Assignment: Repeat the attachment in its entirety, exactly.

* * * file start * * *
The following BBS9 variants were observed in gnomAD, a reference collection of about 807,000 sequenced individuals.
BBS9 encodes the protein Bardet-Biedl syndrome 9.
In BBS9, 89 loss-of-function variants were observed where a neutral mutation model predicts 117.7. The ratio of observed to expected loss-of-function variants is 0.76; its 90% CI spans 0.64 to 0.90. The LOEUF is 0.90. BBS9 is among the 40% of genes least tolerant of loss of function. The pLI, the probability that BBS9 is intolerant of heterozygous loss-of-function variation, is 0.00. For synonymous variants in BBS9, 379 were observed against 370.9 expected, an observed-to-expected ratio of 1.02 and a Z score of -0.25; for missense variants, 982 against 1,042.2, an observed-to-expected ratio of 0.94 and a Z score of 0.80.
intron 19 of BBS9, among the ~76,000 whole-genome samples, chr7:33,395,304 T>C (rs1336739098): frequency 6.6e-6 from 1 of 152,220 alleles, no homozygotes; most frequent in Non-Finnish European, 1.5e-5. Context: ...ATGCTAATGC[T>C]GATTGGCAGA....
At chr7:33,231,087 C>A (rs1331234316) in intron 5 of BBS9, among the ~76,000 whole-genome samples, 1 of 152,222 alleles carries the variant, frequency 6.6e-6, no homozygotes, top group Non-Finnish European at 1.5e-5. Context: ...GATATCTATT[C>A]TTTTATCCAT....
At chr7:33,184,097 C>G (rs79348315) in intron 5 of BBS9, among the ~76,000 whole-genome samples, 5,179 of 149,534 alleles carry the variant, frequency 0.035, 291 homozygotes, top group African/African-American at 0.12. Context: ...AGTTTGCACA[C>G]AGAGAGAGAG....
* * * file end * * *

The following BBS9 variants were observed in gnomAD, a reference collection of about 807,000 sequenced individuals.
BBS9 encodes the protein Bardet-Biedl syndrome 9.
In BBS9, 89 loss-of-function variants were observed where a neutral mutation model predicts 117.7. The ratio of observed to expected loss-of-function variants is 0.76; its 90% CI spans 0.64 to 0.90. The LOEUF is 0.90. BBS9 is among the 40% of genes least tolerant of loss of function. The pLI, the probability that BBS9 is intolerant of heterozygous loss-of-function variation, is 0.00. For synonymous variants in BBS9, 379 were observed against 370.9 expected, an observed-to-expected ratio of 1.02 and a Z score of -0.25; for missense variants, 982 against 1,042.2, an observed-to-expected ratio of 0.94 and a Z score of 0.80.
intron 19 of BBS9, among the ~76,000 whole-genome samples, chr7:33,395,304 T>C (rs1336739098): frequency 6.6e-6 from 1 of 152,220 alleles, no homozygotes; most frequent in Non-Finnish European, 1.5e-5. Context: ...ATGCTAATGC[T>C]GATTGGCAGA....
At chr7:33,231,087 C>A (rs1331234316) in intron 5 of BBS9, among the ~76,000 whole-genome samples, 1 of 152,222 alleles carries the variant, frequency 6.6e-6, no homozygotes, top group Non-Finnish European at 1.5e-5. Context: ...GATATCTATT[C>A]TTTTATCCAT....
At chr7:33,184,097 C>G (rs79348315) in intron 5 of BBS9, among the ~76,000 whole-genome samples, 5,179 of 149,534 alleles carry the variant, frequency 0.035, 291 homozygotes, top group African/African-American at 0.12. Context: ...AGTTTGCACA[C>G]AGAGAGAGAG....